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Author:Campa, Jose Manuel 

Report
Pass-through of exchange rates to consumption prices: what has changed and why

In this paper, we use cross-country and time-series evidence to argue that retail price sensitivity to exchange rates may have increased over the past decade. This finding applies to traded goods as well as to non-traded goods. We highlight three reasons for the change in pass-through into the retail prices of goods. First, pass-through may have declined at the level of import prices, but the evidence is mixed over types of goods and countries. Second, there has been a large expansion of imported input use across sectors, meaning that the costs of imported goods as well as home-tradable goods ...
Staff Reports , Paper 261

Report
Exchange rate pass-through into import prices: a macro or micro phenomenon?

Exchange rate regime optimality, as well as monetary policy effectiveness, depends on the tightness of the link between exchange rate movements and import prices. Recent debates hinge on whether producer-currency-pricing (PCP) or local currency pricing (LCP) of imports is more prevalent, and on whether exchange rate pass-through rates are endogenous to a country's macroeconomic conditions. We provide cross-country and time series evidence on both of these issues for the imports of twenty-five OECD countries. Across the OECD and especially within manufacturing industries, there is compelling ...
Staff Reports , Paper 149

Report
Employment versus wage adjustment and the U.S. dollar

Using two decades of annual data, we explore the links between real exchange rates and employment, wages and overtime activity in specific U.S. manufacturing industries. Across two-digit industry levels of aggregation, exchange rate movements do not have large effects on numbers of jobs or on hours worked. More substantial effects are picked up in industry wages, especially for industries characterized by low price-over-cost markup ratios, and in overtime wages and overtime employment. The industry-by-industry pattern of wage responsiveness is not strongly related to industry export ...
Staff Reports , Paper 56

Report
Exchange rate pass-through to import prices in the Euro area

This paper presents an empirical analysis of transmission rates from exchange rate movements to import prices, across countries and product categories, in the euro area over the last fifteen years. Our results show that the transmission of exchange rate changes to import prices in the short run is high, although incomplete, and that it differs across industries and countries; in the long run, exchange rate pass-through is higher and close to 1. We do not find compelling evidence that the introduction of the euro caused a structural change in exchange rate pass-through. Although some estimated ...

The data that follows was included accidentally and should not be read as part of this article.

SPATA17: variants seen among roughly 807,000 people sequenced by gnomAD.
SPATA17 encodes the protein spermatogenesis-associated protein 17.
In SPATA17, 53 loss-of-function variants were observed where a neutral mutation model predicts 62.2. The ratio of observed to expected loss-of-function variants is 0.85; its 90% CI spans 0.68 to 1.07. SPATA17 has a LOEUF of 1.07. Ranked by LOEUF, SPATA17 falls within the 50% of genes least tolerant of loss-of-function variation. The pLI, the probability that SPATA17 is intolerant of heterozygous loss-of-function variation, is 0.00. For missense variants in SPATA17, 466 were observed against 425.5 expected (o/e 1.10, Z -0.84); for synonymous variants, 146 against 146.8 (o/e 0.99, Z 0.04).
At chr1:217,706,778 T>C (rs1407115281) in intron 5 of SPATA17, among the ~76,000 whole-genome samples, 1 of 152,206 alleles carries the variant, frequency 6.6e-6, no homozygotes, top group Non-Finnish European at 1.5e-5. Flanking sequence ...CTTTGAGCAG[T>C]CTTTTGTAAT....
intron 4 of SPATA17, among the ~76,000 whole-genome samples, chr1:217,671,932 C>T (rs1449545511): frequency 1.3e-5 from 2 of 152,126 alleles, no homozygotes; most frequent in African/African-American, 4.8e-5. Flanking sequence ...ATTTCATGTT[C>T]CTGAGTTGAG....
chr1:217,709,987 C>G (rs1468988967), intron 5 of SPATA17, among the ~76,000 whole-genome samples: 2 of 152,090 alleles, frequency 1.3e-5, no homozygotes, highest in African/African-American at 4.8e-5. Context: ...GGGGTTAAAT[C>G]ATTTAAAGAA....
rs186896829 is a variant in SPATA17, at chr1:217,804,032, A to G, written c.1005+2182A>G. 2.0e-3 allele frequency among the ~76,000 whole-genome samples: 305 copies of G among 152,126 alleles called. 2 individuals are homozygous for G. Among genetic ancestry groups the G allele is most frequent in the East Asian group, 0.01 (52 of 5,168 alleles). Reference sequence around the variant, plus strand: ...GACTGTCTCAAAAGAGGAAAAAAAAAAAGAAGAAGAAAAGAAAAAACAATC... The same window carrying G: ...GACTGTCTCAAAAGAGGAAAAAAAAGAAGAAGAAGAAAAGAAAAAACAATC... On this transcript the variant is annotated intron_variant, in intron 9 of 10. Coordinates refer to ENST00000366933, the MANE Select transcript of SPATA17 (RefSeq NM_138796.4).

Staff Reports , Paper 219

Report
Distribution margins, imported inputs, and the sensitivity of the CPI to exchange rates

Border prices of traded goods are highly sensitive to exchange rates; however, the consumer price index (CPI) and the retail prices of goods that make up the CPI are more stable. This paper decomposes the sources of this price stability for twenty-one OECD (Organisation for Economic Co-operation and Development) countries, focusing on the important role of distribution margins and imported inputs in transmitting exchange rate fluctuations into consumption prices. We provide rich cross-country and cross-industry details on distribution margins and their sensitivity to exchange rates, imported ...
Staff Reports , Paper 247

Report
Investment, pass-through, and exchange rates: a cross-country comparison

Although large changes in real exchange rates have occurred during the past decades, the real implications of these movements remain an empirical question. Using detailed data from the United States, Canada, the United Kingdom, and Japan, we examine the implications of exchange rates for time series of sectoral investment. Both theoretically and empirically we show that investment responsiveness to exchange rates varies over time, positively in relation to sectoral reliance on export share and negatively with respect to imported inputs into production. Important differences exist in ...
Staff Reports , Paper 14

Working Paper
Realignment risk in the exchange rate mechanism: evidence from pound- mark cross-rate options

Working Papers , Paper 94-28

Journal Article
The evolving external orientation of manufacturing: a profile of four countries

Using more than two decades of industry data, the authors profile the external orientation of manufacturing industries in the United States, Canada, the United Kingdom, and Japan. They use the term "external orientation" to describe the potential exposure of an industry's revenues and costs to world events through exports, imports, and imported inputs. For each major manufacturing industry, the authors provide histories of the share of total revenues earned in foreign markets, the role of imports in domestic consumption, and the costs of imported inputs in total production. In addition, ...
Economic Policy Review , Volume 3 , Issue Jul , Pages 53-81

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